They didn’t choose their identities.
I would venture to say that most of our self-image lacks a choice in the matter. The sheer randomness of where we were born can be overwhelming when we actually think about it: our race, our gender, our economic placement, our nationality — all random quips from nature placed onto us.
And for these youths, they struggle with identities that require them to confess that not only are they queer but that they are also undocumented. This double barrier–queer on one hand and undocumented on the other–creates a double closet, each of which one must come out of. Immigrants already face a liminal space of existence, that is, a simultaneous space where one belongs (“I grew up here, this is my home”/”I am Mexican, that is also my home in a sense”) and where one is rejected (“But I am not entirely from here and I have no legal status”/”Mexicans don’t consider me a real Mexican and I am rejected from there as well”); an in-between space that is neither grounded nor non-existent. Throw sexual identity into the mix and the instability of one’s self becomes glaringly obvious.
The “undocumented closet” is not new, as more and more youth are creating a movement of sorts to address their lack of choice in the matter: they often came here at an extremely young age and, having been submerged American culture, consider themselves American. They are, in a sense, proud of their undocumented status. In the words of Miguel, it is not pride in the sense that they’re proud to not have a legal status; contrarily, there is a sense of pride because he wants to desperately change the perception that “people think we are just ignorant and too lazy to apply for citizenship. People assume undocumented persons don’t want to participate. Really? It just doesn’t–doesn’t–happen that way.”
Miguel’s family came here when he was young and following his life in California, he was part of the first group of youths to experience the benefit of California’s AB 540 bill, passed in 2001 and permitting undocumented students who meet certain requirements to pay in-state instead of out-of-state tuition. His education altered the perception of his identity and knew it was obligatory to come out–of both closets.
“You won’t get people to understand if you don’t speak up. We’re out there, y’know? You first have this internal struggle–being queer and what not. And then you have this whole public persona that comes into play with the fact that you’re undocumented,” he explained. “And being undocumented… It’s not like sexuality where you’re dealing with it [in your childhood and early teens]. I mean, it’s talked about casually in your family but being undocumented doesn’t really hit until you’re out of high school. I believe you begin to solidify part of your identity in high school so when it hits, you have your identities merging.”
This prompted Miguel to approach The Center in creating a programs that address undocumented LGBTQ individuals. The first program is simply titled UndocuQueer, which will showcase a film and host a panel discussion that is a collaboration between the Long Beach Immigrants Rights Coalition (LBIRC) and The Center.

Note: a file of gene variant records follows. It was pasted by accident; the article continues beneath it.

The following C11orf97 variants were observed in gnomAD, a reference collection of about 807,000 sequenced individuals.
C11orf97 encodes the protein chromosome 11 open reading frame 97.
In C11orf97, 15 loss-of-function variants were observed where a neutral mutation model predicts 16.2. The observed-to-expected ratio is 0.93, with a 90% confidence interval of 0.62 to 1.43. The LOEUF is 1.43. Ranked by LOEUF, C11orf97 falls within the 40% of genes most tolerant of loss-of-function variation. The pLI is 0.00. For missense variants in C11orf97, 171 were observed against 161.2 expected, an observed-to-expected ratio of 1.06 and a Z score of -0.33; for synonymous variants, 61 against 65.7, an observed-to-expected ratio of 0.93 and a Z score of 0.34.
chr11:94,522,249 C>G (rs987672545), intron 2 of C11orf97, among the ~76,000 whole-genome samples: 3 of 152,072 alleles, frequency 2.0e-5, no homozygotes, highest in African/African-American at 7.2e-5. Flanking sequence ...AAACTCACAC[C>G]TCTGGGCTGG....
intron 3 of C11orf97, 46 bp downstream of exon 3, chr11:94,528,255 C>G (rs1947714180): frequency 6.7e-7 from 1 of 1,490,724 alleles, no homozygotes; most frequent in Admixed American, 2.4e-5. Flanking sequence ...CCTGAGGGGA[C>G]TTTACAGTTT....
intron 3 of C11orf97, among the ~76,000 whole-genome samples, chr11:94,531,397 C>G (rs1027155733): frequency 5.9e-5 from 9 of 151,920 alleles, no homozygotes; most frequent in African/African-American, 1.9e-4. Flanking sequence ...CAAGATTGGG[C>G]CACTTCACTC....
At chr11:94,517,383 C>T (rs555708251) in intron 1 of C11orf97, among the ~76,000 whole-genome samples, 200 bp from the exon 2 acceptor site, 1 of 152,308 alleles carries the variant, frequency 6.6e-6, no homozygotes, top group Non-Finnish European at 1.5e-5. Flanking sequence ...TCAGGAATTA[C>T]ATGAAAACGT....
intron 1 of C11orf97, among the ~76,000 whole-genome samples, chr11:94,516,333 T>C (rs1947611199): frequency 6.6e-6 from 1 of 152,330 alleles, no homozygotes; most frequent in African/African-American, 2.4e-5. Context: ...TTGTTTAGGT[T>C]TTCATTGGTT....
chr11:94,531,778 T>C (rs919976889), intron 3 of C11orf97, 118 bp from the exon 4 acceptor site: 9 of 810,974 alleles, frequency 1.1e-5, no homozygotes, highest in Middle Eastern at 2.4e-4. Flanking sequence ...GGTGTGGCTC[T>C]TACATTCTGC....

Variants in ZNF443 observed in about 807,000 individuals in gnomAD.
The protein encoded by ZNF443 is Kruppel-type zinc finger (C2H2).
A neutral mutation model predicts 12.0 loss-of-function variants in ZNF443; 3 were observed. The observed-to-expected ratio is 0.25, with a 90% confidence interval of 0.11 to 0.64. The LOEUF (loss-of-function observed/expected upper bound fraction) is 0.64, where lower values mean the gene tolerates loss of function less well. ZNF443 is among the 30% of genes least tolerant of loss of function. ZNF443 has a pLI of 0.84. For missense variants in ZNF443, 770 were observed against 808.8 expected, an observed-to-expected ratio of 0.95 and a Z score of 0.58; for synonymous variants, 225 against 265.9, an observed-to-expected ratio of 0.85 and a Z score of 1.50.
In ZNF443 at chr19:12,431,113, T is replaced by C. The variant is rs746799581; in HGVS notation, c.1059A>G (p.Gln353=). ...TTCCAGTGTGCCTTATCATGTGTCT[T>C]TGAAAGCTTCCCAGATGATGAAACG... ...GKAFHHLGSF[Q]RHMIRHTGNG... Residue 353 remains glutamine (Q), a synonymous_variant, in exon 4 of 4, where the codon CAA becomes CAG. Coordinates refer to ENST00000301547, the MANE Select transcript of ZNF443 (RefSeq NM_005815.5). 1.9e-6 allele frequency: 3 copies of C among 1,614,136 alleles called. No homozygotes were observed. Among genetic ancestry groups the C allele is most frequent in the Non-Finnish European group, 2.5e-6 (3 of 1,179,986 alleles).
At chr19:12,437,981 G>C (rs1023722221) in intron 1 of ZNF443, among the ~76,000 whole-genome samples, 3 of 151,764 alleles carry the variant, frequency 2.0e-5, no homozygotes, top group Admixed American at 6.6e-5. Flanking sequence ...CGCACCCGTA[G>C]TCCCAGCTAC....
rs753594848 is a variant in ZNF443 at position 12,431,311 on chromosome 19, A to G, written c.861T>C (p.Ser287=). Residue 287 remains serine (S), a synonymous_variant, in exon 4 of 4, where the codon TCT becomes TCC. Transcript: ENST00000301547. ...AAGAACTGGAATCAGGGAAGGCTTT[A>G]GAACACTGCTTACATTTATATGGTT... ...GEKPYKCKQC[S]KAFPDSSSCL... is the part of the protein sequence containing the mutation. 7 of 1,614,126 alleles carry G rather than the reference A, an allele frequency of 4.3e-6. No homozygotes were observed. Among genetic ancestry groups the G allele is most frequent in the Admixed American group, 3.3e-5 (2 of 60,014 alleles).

Of course, the two closets weren’t always holding hands. In fact, when Miguel first became involved in the undocumented movement, he was told–both via its leaders and the overall sentiment of the movement’s participants–to leave his sexuality out of the equation. “They said to me, ‘You’re diverting the main goal of the movement, you’re pulling us in the wrong direction.’ I was told to just leave that on the side,” Miguel said.
Diana, who has been here since she was five and just graduated from CSULB, along with Anissa, who has been here since she was one and is studying history at CSULB, are part of the undocumented movement as well–and recognize the intimate tie with the LGBTQ movement, even as straight women who are undocumented themselves.
“I think the whole conversation about undocumented identity and it’s tie with queer identity,” said Diana, “started out of the sense that there was no place for queer identity–just like undocumented identity. There was no place for it. And people started asking: If you’re gonna talk about human rights this and human rights that…?”
The work these three individuals are trying to do is not being done alone. The concept of colliding identities, particularly undocumented queers, has been exemplified by Julio Salgado, a former student of CSULB who now lives in the San Francisco Bay area doing work with Latina artist Favianna Rodriguez. Undocumented and Awkward, a YouTube series chronicling the everyday struggles that undocumented persons face, features Salgado’s double struggle with being gay and undocumented.
Conversations such as these are pertinent for Miguel, Diana, and Anissa–all of whom have experienced being rejected from a bar for a lack of proper ID or being unable to drive in order to make life easier. And do not expect a cry for sympathy; that is the last thing they want.
“It is just about making people understand a bit more,” said Anissa. “I don’t even recollect being in Mexico–where does that put me?”
UndocuQueer will occur this Friday, from 6:30 to 8:00pm at The Center Long Beach. For more information visit their Facebook page or contact Youth Programs Director Kyle Bullock at 562-434-4455, ext. 227. The Center is located at 2017 E. 4th Street.
Other events focusing on undocumented persons include:
General Long Beach Immigrant Rights Coalition Meeting, August 10, from 2:00p to 3:30pm at the Neighborhood Resource Center of Long Beach, located at 425 Atlantic Avenue.
Forum: Differed Action for Immigrant Youth, August 17, from 5:00pm to 7:00pm at The Little Brown Church, located at 600 East 5th Street.
Almost American, August 23, from 7:00pm to 8:30pm at The Center Long Beach.